Socializing your Kafka event sources

Event Endpoint Management provides the capability to describe and catalog the APIs of Kafka event sources, and to socialize those APIs with application developers.

Consuming event-driven APIs can be described as asynchronous because your application does not need to poll or know when to request data. Instead, your application subscribes to a stream of events, and will receive events as they become available. This is different from the immediate request-response mechanism of synchronous APIs, such as REST.

Asynchronous APIs can be described by using the AsyncAPI specification, the industry standard for documenting event-driven services.

With Event Endpoint Management, you can create an AsyncAPI document that describes the API of a Kafka event source.

You can then add the AsyncAPI document to a catalog to make the API details available in a developer portal.

Application developers can discover the event source and configure their applications to subscribe to the stream of events, providing self-service access to the message content from the event stream.

Controlled access to your event sources

Access to the event source can be controlled by the Event Gateway Service. The gateway service handles incoming requests to consume from the stream of events described by the AsyncAPI document. You can also use the gateway service to manage traffic.

The Event Gateway Service is independent of your Kafka clusters, and helps you make asynchronous APIs available without requiring any changes to your Kafka cluster configuration.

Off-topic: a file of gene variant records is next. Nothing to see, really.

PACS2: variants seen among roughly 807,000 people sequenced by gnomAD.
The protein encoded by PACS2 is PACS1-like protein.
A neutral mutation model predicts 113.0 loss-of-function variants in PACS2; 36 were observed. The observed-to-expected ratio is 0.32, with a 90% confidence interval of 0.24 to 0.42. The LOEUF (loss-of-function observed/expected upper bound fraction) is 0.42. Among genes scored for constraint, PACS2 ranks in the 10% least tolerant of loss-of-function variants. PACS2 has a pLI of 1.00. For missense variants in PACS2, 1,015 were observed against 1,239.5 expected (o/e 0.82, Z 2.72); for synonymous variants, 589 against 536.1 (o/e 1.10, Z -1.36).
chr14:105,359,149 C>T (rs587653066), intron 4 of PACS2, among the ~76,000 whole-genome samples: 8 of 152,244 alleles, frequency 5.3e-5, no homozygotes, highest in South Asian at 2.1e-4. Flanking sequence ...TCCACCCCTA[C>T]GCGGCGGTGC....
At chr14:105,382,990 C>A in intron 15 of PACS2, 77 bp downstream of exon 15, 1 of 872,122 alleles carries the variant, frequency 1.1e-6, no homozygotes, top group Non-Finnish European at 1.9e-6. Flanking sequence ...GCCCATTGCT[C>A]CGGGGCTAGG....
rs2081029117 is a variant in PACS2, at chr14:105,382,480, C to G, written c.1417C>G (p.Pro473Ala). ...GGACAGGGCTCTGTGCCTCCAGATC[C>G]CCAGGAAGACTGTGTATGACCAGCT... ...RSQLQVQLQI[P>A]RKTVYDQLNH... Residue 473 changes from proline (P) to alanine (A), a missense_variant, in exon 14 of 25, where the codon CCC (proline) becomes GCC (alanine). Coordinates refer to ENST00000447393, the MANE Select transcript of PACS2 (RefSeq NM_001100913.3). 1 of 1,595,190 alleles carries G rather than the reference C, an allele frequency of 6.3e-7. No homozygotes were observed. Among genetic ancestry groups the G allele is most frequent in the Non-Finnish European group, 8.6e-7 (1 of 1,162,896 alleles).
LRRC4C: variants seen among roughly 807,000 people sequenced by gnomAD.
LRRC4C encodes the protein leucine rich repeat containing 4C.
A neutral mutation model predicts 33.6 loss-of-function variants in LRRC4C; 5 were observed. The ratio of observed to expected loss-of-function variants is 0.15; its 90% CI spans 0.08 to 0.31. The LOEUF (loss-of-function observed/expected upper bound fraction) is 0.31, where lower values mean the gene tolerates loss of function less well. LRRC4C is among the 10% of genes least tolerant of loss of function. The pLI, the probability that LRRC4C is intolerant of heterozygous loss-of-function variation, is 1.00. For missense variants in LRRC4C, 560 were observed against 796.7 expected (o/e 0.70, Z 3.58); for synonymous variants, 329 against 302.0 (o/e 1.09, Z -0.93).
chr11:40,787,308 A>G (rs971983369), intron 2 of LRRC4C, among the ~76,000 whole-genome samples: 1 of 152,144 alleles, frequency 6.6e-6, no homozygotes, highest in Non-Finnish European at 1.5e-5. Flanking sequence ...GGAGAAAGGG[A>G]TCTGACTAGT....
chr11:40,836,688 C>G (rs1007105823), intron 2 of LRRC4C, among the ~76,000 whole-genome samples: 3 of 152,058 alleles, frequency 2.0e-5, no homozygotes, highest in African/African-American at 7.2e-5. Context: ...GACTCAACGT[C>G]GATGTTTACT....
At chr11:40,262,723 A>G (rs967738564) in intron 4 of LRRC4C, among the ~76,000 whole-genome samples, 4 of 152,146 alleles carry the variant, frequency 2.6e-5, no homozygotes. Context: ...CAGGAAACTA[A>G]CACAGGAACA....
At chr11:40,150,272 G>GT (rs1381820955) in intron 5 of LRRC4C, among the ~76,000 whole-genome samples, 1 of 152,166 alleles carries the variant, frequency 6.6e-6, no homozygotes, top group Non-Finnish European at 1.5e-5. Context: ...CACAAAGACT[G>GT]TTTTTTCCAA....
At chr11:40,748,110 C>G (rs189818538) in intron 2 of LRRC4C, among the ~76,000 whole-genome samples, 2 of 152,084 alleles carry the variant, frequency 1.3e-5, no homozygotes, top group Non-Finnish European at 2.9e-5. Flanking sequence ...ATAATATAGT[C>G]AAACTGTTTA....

The following diagram provides an overview of how Event Endpoint Management works with an Event Gateway Service configured.

Figure 1. Overview of Event Endpoint Management
Diagram providing a representation of how Event Endpoint Management works, as described after the diagram.
  1. The API developer describes and catalogs the Kafka event source as an API, creating an AsyncAPI document in API Manager.
  2. The API developer selects the Event Gateway Service and configures it to handle access and usage for their event API.
  3. The API developer publishes the API by including it in a product, and publishing the product to a catalog. The API is then available in the associated catalog in the Developer Portal.
  4. Using the Developer Portal, the application developer discovers information about event sources and, based on the information provided in the AsyncAPI document, can decide which one to use in their applications.
  5. The application developer creates an application to generate credentials (API key and secret) in the portal to use them later for subscribing to the event stream.
  6. The application developer subscribes their application to the event source by choosing the event API product in the portal, copying the provided snippet into their application, updating it with the previously created credentials, and selecting a plan to use.
  7. The application connects to the Event Gateway Service for access to the event stream.
  8. The Event Gateway Service routes traffic securely to and from the Kafka broker that holds the relevant topic content, providing the content to the application as required.
    Note: The Event Gateway Service is a lightweight Java-based Kafka gateway, optimized for internal use to allow Kafka topics to be easily shared within an enterprise. Communication between the Kafka client applications and the Event Gateway Service is encrypted by using TLS, and secured by using SASL/PLAIN (for information, see the options for security protocols when describing an event source).

For a demo of Event Endpoint Management, see the following IBM Community blog post.

Find out more about using Event Endpoint Management to socialize your Kafka event sources: